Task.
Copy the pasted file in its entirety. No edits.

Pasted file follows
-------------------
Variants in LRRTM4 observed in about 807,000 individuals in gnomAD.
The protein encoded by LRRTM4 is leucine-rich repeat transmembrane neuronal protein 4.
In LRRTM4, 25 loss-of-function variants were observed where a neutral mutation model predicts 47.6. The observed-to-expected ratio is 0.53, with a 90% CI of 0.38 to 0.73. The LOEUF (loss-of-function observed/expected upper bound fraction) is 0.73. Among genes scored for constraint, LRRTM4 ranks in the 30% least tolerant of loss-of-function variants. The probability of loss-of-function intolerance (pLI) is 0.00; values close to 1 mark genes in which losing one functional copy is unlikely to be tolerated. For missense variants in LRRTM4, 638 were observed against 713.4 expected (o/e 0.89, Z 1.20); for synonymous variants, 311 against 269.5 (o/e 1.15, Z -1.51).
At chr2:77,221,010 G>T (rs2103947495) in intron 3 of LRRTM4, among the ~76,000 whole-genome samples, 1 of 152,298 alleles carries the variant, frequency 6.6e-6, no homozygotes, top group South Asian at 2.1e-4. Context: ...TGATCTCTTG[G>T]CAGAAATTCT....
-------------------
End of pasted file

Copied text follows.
Variants in LRRTM4 observed in about 807,000 individuals in gnomAD.
The protein encoded by LRRTM4 is leucine-rich repeat transmembrane neuronal protein 4.
In LRRTM4, 25 loss-of-function variants were observed where a neutral mutation model predicts 47.6. The observed-to-expected ratio is 0.53, with a 90% CI of 0.38 to 0.73. The LOEUF (loss-of-function observed/expected upper bound fraction) is 0.73. Among genes scored for constraint, LRRTM4 ranks in the 30% least tolerant of loss-of-function variants. The probability of loss-of-function intolerance (pLI) is 0.00; values close to 1 mark genes in which losing one functional copy is unlikely to be tolerated. For missense variants in LRRTM4, 638 were observed against 713.4 expected (o/e 0.89, Z 1.20); for synonymous variants, 311 against 269.5 (o/e 1.15, Z -1.51).
At chr2:77,221,010 G>T (rs2103947495) in intron 3 of LRRTM4, among the ~76,000 whole-genome samples, 1 of 152,298 alleles carries the variant, frequency 6.6e-6, no homozygotes, top group South Asian at 2.1e-4. Context: ...TGATCTCTTG[G>T]CAGAAATTCT....